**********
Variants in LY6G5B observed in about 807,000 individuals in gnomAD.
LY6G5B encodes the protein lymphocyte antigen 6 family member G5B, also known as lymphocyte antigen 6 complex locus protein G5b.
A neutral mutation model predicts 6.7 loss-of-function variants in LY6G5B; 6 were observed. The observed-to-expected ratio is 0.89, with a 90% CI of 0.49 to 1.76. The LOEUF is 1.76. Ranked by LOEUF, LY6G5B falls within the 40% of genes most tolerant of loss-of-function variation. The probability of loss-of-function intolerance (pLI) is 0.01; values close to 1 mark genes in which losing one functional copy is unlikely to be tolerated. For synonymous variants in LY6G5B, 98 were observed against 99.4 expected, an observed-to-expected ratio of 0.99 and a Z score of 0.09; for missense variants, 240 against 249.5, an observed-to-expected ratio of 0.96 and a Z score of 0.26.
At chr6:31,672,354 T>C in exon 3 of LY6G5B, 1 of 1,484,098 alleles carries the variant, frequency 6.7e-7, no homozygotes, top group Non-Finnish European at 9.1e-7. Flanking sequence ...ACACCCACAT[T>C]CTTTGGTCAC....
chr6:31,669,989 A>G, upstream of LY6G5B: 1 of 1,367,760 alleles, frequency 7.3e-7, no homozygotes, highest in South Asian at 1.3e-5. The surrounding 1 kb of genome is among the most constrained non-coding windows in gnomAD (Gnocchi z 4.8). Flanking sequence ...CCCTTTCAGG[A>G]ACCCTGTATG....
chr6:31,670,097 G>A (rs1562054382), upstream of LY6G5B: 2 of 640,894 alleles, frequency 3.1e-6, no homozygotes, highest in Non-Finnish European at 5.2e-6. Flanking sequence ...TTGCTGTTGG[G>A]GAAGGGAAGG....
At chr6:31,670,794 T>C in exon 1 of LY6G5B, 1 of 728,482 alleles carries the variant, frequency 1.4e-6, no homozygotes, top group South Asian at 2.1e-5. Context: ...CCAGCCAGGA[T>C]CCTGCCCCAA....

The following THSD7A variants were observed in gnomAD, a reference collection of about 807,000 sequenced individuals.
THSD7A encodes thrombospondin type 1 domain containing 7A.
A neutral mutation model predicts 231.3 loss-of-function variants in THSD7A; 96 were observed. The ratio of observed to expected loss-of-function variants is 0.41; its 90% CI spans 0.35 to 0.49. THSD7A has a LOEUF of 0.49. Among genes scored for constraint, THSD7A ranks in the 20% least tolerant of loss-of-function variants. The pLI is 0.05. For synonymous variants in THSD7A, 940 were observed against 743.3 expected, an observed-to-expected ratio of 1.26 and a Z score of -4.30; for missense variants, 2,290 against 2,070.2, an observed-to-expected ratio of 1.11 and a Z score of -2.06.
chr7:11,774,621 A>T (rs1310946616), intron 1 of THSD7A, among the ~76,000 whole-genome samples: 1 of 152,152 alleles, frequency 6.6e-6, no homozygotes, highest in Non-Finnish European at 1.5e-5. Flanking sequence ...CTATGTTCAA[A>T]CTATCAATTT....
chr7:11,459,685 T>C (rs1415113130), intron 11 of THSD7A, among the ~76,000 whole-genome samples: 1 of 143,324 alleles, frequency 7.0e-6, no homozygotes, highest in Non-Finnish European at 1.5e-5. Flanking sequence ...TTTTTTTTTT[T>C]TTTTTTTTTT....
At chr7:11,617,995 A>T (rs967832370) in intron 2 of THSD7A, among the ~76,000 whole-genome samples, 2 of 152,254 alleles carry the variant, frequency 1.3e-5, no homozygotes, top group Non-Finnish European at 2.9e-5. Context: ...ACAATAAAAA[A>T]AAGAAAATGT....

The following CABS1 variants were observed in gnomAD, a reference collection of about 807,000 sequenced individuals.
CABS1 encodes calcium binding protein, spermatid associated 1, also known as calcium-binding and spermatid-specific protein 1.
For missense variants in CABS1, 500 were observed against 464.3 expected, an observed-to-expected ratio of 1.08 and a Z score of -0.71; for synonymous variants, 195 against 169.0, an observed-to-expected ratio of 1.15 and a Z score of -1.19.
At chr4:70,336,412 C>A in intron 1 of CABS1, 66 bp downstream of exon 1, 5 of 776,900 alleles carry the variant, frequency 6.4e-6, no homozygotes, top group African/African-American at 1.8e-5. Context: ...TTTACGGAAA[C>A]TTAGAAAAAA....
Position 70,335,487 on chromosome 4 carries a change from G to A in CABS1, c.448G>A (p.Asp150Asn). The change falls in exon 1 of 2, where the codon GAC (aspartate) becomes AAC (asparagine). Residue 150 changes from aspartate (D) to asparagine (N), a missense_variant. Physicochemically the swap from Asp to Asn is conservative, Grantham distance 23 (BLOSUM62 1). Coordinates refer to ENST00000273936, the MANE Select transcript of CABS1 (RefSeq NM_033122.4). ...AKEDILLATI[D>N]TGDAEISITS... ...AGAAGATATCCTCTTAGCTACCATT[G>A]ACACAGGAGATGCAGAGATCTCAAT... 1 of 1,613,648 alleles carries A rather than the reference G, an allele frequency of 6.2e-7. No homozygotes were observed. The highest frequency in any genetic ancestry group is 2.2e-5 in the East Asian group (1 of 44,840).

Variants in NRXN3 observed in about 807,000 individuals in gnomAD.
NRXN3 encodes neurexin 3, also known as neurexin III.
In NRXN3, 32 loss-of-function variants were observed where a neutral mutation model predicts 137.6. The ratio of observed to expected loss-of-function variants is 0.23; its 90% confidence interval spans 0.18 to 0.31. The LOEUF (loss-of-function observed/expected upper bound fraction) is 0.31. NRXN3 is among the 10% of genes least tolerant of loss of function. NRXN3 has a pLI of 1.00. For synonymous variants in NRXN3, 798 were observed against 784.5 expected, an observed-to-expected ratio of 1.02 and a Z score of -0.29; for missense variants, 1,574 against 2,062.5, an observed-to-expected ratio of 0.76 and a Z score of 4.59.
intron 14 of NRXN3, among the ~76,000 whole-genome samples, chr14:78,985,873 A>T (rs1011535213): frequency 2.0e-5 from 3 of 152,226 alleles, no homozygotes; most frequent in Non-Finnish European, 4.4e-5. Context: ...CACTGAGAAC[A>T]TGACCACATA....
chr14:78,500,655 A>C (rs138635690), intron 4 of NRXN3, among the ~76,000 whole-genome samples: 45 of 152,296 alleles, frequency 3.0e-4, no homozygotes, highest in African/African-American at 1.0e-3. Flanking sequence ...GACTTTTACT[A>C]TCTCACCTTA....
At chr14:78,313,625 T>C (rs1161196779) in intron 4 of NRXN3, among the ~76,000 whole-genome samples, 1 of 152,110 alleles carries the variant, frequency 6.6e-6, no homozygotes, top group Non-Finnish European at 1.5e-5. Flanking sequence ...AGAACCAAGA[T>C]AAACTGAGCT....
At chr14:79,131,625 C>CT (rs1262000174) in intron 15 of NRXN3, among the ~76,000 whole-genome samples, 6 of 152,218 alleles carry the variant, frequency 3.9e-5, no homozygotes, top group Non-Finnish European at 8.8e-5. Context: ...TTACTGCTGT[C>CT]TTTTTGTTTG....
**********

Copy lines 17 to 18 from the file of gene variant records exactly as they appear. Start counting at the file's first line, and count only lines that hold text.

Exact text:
At chr4:70,336,412 C>A in intron 1 of CABS1, 66 bp downstream of exon 1, 5 of 776,900 alleles carry the variant, frequency 6.4e-6, no homozygotes, top group African/African-American at 1.8e-5. Context: ...TTTACGGAAA[C>A]TTAGAAAAAA....
Position 70,335,487 on chromosome 4 carries a change from G to A in CABS1, c.448G>A (p.Asp150Asn). The change falls in exon 1 of 2, where the codon GAC (aspartate) becomes AAC (asparagine). Residue 150 changes from aspartate (D) to asparagine (N), a missense_variant. Physicochemically the swap from Asp to Asn is conservative, Grantham distance 23 (BLOSUM62 1). Coordinates refer to ENST00000273936, the MANE Select transcript of CABS1 (RefSeq NM_033122.4). ...AKEDILLATI[D>N]TGDAEISITS... ...AGAAGATATCCTCTTAGCTACCATT[G>A]ACACAGGAGATGCAGAGATCTCAAT... 1 of 1,613,648 alleles carries A rather than the reference G, an allele frequency of 6.2e-7. No homozygotes were observed. The highest frequency in any genetic ancestry group is 2.2e-5 in the East Asian group (1 of 44,840).